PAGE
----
« PreviousContinue »
THE AMERICAN CATHOLIC
VOL. XIII.-JULY, 1888.-No. 51.
THE LATEST HISTORIAN OF THE INQUISITION.
A History of the Inquisition of the Middle Ages. By Henry Charles Lea,
author of “ An Historical Sketch of Sacerdotal Celibacy,” “Superstition and Force," “Studies in Church History.” In three vol
New York: Harper & Brothers, 1888.
HIS work, just issued from the press, is professedly an original
and important contribution to the history of a stirring age of the world. A few natural and even necessary questions must be asked of it by all who would seek truth from its pages. These questions must be answered mainly from the historian's own words. It is not, indeed, the man personally, but the writer's value as a teacher of history, that is concerned.
First, has he sought the truth himself-impartially—or is he an offensive partisan likely to surprise the good faith of his reader?
Then, has he had ready to his hand the necessary sources from which to form his judgment, and does his method of writing draw from these sources evidence that will allow the reader to check off the judgments proposed to his assent?
Finally, is the historian competent to deal with the material he has gathered, and to place it before the student?
It is clear that an answer to such questions cannot be expected from the current criticism of newspapers and periodicals which,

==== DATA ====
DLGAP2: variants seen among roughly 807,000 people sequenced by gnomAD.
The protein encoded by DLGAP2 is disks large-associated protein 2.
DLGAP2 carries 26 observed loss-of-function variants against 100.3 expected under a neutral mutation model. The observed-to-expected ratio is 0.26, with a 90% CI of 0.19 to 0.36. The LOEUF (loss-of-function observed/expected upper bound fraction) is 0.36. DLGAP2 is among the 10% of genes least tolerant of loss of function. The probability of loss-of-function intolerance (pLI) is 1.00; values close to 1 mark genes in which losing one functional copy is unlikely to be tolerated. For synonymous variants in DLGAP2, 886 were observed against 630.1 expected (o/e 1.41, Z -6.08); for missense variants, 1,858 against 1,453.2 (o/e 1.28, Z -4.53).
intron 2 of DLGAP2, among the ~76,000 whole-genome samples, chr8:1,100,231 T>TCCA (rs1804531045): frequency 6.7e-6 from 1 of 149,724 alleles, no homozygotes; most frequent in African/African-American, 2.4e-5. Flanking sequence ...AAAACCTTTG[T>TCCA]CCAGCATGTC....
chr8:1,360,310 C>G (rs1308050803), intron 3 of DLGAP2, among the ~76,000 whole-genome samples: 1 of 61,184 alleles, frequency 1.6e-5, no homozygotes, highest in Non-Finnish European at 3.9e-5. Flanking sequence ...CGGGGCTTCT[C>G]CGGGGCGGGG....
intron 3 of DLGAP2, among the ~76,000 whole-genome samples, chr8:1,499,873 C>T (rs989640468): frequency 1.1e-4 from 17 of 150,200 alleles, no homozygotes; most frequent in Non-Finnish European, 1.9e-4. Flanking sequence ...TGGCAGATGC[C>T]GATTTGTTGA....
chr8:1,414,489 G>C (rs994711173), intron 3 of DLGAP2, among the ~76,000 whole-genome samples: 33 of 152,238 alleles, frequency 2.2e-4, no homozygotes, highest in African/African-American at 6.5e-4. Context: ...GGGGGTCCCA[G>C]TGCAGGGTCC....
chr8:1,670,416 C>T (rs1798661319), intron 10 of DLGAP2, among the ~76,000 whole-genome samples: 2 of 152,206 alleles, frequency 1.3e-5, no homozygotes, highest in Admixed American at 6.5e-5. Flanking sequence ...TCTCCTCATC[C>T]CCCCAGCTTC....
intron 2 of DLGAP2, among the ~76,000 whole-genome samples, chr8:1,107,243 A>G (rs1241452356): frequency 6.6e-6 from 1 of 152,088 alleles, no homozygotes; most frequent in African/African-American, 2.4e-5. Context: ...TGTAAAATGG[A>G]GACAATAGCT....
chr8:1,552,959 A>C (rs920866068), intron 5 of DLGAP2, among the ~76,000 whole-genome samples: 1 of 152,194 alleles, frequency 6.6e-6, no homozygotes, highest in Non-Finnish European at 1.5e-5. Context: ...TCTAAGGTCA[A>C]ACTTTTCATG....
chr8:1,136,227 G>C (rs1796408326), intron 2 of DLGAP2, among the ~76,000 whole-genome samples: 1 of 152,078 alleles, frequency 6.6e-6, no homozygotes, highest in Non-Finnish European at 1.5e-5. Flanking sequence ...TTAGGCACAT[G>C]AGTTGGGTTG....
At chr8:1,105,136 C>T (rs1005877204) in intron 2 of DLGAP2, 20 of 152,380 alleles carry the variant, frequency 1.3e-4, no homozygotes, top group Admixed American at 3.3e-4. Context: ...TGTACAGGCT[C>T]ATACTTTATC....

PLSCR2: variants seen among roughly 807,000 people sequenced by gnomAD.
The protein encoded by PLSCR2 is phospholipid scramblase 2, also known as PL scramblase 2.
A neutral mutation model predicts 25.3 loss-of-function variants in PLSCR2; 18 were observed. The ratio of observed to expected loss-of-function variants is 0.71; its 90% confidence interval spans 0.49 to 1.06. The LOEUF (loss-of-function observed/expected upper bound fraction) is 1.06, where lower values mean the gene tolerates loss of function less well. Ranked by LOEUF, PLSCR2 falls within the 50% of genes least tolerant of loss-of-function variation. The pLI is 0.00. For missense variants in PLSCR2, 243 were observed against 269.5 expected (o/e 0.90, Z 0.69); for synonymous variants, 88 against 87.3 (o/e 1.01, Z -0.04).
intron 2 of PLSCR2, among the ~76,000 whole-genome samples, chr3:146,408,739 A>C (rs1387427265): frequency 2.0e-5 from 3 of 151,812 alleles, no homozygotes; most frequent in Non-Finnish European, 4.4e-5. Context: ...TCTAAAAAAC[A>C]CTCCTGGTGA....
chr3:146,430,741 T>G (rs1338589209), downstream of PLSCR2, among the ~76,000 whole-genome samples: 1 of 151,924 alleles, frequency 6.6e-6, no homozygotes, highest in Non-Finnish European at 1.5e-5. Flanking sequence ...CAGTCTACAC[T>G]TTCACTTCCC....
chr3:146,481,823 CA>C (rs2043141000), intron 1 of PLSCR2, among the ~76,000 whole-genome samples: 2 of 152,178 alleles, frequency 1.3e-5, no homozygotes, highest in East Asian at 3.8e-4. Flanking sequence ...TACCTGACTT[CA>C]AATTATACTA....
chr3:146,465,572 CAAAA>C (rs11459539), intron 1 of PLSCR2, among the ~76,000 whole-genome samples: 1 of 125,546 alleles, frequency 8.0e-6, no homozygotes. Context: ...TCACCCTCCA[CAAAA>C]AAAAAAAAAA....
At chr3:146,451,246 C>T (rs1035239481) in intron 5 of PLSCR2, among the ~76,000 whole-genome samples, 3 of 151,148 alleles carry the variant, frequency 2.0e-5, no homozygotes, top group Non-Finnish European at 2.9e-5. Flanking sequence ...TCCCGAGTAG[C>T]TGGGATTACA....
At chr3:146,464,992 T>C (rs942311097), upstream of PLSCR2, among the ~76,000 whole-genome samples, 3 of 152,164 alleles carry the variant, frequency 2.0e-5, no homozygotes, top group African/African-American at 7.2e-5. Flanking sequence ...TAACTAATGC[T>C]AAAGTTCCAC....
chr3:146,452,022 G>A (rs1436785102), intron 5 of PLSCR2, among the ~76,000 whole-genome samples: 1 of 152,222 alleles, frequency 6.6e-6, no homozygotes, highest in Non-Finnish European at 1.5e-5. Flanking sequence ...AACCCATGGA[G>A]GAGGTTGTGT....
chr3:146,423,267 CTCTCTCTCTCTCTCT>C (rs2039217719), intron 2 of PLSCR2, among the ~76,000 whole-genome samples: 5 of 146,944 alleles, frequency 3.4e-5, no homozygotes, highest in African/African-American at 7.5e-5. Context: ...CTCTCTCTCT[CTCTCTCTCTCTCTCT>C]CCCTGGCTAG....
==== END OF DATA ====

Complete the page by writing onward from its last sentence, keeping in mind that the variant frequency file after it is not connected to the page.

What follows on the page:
when not inspired by the publishers of the work, will too often mistake bulk for fulness, or, as it has been put, “the stolid for the solid."
There is double need of questioning when the period of history is bound up with controversies still living and drawing minds violently to contrary sides. The history of the Middle Ages -and more than all else of the Inquisition of the Middle Agesis a strong case in point. Three hundred years ago the Homilies of the Anglican Church declared those ages part of a “diabolical millennium.” A leading Catholic convert from the Anglicanism of our own day has popularized them under the name of “Ages of Faith,” seeing in them, far from any diabolical action, only the realization of Christ's beatitudes on earth. There is surely sufficient latitude between these extremes to warrant caution in accepting the work of any historian on a period so largely in dispute.
In a late number of this REVIEW we attempted to go over the whole history of the Inquisition as it has been treated in antiCatholic controversy during the last three hundred years. We thought ourselves justified in styling this treatment an “odious my. thology.” We still think so after reading the volumes of Mr. Leamore pretentious than any which have yet appeared on this subject. We are far from ranking him at once in the number of the mythologists; but we find in his pages the most exact fulfilment of certain reasons, given by us at the close of our previous study, why a Catholic, or, indeed, any lover of historic truth, cannot hope to find a satisfactory treatment of the subject from the average nonCatholic historian. These reasons are in direct connection with the questions spoken of above. We now purpose applying them as tests of historic truth to these three first volumes of Mr. Lea. We may then wait securely for the other volumes he promises us on the Spanish and later Inquisition.